When the Book’s Too Short

I’ve been socked down in figuring out subplots for Miasma, the book I’ve revising.  Out of it, I’m learning what to do when a book runs too short.  I had a revelation when I was working on a writing article on when the book’s too short last year.  I suddenly realized how many workarounds I was doing to get the length up.  I was making more work for myself!  So:

Do NOT simply add more words to get word count.  If you’re keeping an eye on the word count and watching it ping over, you’re going to be in trouble.  Don’t add more description, add more plot or story, characters, or subplots to get more word count.  The key phrase here is ‘get more word count.’  This is very easy to do if you’re asking for advice and people are telling you to simply “Add more plot/story” or “Add a subplot.”   If you’re thinking about word count while you’re adding story, you might end up with too much story or too much of the wrong kind of story because you’re trying to fill pages.

Instead, print an entire copy of the manuscript from begininng to end.  Read it completely and identify all the problems–places where you didn’t develop something enough; had trouble and skipped over fixing it; and any other problem you can think of, even if you’re not sure what the problem is.  This is the single most important step.  It is very easy to think about jumping in and fixing the problems, but if you don’t see the picture, you may miss an overall problem that’s causing the others.  I tend to start too late into the story, so I ended up with a lot of problems with scenes the followed that were trying to fix the lack of story setup. Fixing the individual scenes–which I was doing–didn’t help because I wasn’t fixing the original problem.  I actually needed to add more to the front.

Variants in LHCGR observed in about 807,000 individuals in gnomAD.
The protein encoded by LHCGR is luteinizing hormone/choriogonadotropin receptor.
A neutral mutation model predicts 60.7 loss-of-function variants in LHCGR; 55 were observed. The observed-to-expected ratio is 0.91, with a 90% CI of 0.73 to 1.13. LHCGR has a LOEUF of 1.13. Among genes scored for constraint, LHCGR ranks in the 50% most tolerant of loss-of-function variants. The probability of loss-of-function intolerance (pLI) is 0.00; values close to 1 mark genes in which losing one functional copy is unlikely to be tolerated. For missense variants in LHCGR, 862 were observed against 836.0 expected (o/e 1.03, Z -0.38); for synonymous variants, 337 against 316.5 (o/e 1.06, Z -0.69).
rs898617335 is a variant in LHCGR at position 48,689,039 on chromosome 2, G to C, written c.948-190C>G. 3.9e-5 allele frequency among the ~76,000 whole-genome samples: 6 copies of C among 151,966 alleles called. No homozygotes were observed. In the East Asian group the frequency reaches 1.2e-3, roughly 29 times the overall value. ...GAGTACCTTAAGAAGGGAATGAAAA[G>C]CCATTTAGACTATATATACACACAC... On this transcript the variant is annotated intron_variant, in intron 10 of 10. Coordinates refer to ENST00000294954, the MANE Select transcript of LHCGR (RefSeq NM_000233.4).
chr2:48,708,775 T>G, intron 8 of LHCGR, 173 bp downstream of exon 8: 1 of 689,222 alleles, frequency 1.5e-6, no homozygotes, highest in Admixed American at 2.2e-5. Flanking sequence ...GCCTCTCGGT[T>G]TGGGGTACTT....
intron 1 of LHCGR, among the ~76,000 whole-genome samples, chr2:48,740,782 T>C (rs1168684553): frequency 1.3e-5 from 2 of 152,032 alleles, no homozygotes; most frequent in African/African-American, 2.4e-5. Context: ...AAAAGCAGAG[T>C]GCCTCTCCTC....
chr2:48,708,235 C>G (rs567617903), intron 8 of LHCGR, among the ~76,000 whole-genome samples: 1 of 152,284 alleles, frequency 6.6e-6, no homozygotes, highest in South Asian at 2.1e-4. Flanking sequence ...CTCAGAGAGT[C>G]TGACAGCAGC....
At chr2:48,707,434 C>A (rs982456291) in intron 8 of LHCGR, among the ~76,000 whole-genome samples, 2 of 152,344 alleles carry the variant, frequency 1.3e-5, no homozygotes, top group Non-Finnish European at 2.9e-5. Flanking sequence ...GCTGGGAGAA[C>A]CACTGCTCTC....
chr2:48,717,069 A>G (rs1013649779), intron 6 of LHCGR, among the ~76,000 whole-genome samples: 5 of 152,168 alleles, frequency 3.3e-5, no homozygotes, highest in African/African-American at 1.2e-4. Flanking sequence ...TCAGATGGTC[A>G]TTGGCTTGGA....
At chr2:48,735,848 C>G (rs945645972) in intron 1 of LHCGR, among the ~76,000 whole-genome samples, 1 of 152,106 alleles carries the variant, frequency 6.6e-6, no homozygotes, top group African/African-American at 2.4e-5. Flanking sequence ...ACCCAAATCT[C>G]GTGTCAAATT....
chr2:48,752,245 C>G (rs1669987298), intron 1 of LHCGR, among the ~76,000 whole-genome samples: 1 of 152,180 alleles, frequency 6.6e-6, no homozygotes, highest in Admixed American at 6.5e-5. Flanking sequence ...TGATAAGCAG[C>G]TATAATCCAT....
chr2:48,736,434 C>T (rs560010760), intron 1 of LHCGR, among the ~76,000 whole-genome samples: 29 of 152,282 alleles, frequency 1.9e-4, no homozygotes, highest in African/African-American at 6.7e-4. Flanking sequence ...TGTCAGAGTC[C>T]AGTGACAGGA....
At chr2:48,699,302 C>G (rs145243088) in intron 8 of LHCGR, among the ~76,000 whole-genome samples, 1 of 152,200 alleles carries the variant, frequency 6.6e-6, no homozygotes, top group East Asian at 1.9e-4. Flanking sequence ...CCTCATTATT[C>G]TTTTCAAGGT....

Brainstorm out how you might fix the problems you’ve discovered.  You might add new complications, develop something you discovered, or add a subplot that fills in something that was missing.  If you’re very short, this will be a LOT of work.  You aren’t adding more words–you’re pulling apart the story completley and figuring out how to reshape it so you can write new scenes that fit the story and make it better.

It’s a lot of work–but it’s where you want your work to be.  You want to spend time chasing down little problems like that scene where something needs to happen, but you can’t figure out how to get there–not on writing it and then finding out there’s a problem.  Not fun.  And probably three times as much work, especially if you end up tossing out scenes you’ve revised many times trying to fix.

I’ve been doing mine in a spreadsheet:

  • Scene #
  • Scene summary
  • Bucket–that’s my term for a category to identify the plot from the subplots with a name.
  • Setting–I found it helpful to identify this.  Instead of scanning through all the scenes, I can scan for a particular setting.

To shuffle the scenes around, I just change the scene number to where it’s supposed to be and then sort.  I’ve also found gaps in the flow of the story, so I’ve put a placeholder scene there and changed the cell color until I figure out what needs to go there.  I also have a scene which has a big problem I haven’t figured how to solve yet, so I changed the cell color to identify it.  If I were writing at this point, I’d be at a dead stop, trying to figure out how this scene needs to happen and might end up back rewriting earlier parts to fix it.  Right now, working just with the higher level, I’m saving myself that time by working it out in advance.

If you’re fixing a novel that’s too short, it’s going to be a lot of work doing this.  But it’ll be a lot less work than revising it and still finding out it’s too short and having to fix it again.